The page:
Domestic Selbstklebende Spiegel Plastikmaterial Spiegelfarben. Masse: .Die Kollektion selbsthaftender Spiegel ´´Narcisse´´ befreit den Spiegel - im wahrsten Sinne des Wortes - aus seinem traditionellen Rahmen. Dank der Arbeit von zehn Designern und Grafikern erfährt der Spiegel somit eine Renaissance. Die Anbringung ist extrem einfach. Die einzelnen Motive sind selbstklebend auf allen glatten Flächen (Wand Tür Möbel...)´´Animals on the road´´ besteht aus 13 kleinen Spiegeln in Tiergestalt die Sie nach Lust und Laune zusammenstellen können. Etwa in Form einer Friese: eine fröhliche Tierprozession als Dekor des Kinderzimmers. Die leicht naive grafische Gestaltung zeigt sich von großer Präzision. Sie reflektiert das Bild das der Mensch sich von den Tieren macht. Ana Mir und Emilie Padros lernten sich während des Studiums an der Akademie für Kunst und Industriedesign Central Saint Martins in London kennen. Sie entwickeln ihre Projekte für das 1996 gegründete Designstudio emiliana. Set aus 13 Spiegeln in Gestalt von Tieren die beliebig angeordnet werden können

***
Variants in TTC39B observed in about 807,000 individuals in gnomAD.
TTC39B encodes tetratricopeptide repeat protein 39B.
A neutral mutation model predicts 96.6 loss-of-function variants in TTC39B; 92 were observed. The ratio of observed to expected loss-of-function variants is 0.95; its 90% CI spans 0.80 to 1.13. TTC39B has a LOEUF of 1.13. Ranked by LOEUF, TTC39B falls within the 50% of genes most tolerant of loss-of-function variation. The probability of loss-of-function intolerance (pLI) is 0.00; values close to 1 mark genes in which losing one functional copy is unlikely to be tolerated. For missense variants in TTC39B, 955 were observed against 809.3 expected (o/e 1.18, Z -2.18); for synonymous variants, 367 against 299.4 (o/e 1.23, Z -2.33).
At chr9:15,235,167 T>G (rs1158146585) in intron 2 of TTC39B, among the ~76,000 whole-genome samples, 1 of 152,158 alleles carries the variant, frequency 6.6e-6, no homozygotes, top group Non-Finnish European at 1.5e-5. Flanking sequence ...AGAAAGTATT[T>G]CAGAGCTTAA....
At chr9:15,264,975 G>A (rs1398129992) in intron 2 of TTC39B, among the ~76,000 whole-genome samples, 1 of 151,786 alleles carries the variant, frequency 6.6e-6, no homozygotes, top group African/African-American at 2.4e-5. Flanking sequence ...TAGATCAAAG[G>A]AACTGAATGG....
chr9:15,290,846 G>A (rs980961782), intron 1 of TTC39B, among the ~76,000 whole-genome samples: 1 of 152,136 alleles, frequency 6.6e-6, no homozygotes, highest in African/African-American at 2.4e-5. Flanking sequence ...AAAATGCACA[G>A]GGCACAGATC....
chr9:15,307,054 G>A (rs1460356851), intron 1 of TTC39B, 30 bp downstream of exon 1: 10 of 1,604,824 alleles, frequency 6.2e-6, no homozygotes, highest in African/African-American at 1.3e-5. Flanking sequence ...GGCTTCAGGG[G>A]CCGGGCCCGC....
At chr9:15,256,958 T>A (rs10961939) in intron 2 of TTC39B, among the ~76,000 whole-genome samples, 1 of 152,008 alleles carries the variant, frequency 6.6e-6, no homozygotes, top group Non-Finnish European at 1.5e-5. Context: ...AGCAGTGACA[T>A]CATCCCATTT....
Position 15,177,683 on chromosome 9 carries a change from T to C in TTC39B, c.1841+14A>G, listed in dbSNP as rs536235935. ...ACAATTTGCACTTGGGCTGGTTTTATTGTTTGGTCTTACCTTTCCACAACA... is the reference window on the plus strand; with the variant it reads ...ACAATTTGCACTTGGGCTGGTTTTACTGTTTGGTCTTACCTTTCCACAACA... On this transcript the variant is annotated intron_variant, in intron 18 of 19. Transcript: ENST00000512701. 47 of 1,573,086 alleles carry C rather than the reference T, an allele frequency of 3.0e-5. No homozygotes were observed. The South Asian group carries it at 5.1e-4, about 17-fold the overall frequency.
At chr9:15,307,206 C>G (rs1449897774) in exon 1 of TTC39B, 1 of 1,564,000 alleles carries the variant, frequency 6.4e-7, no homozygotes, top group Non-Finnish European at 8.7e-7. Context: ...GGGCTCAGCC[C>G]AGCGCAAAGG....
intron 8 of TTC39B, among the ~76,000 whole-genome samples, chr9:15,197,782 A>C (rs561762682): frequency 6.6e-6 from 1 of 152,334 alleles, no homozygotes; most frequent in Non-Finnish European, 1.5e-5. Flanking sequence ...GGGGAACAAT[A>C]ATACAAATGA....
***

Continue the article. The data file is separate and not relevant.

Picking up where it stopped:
How did 2.3 billion people become overweight? How did heart disease, cancer, and other degenerative diseases become the leading causes of death worldwide? Our ancestors, especially our distant, Paleolithic ancestors, before the advent of agricultural, enjoyed remarkably robust health. What went wrong? During the 20th century - the Dark Ages of nutrition - flawed nutritional theories gained widespread acceptance, prompting radical departures from traditional foods and time-honored food processing techniques. Sugar consumption skyrocketed; proinflammatory vegetable oils replaced nourishing animal fats; processed foods became commonplace. In this groundbreaking book, Christopher Clark explores the social and economic forces enabling these changes while thoroughly and lucidly explaining modern scientific perspectives on fat metabolism, cholesterol, fructose metabolism, gluten, detoxification, and many other important nutritional subjects. Nutritional Grail offers life-transforming knowledge regarding what to eat, why to eat it, and how to prepare it - including 100 simple, delicious recipes. Like the original 12th-century grail story, this knowledge comes through asking questions, serving others, and serving one´s higher Self. While laying out a comprehensive strategy for effortless weight loss, improved digestion, and increased energy, Clark convincingly suggests a nutritional renaissance, propelled by science and guided by the wisdom of our ancestors, is finally dawning. PLEASE NOTE: When you purchase this title, the accompanying reference material will be available in your My Library section along with the audio. 1. Language: English. Narrator: Adam B Crafter. Audio sample: http://samples.audible.de/bk/acx0/026216de/bk_rhde_002536_sample.mp3. Digital audiobook in aax.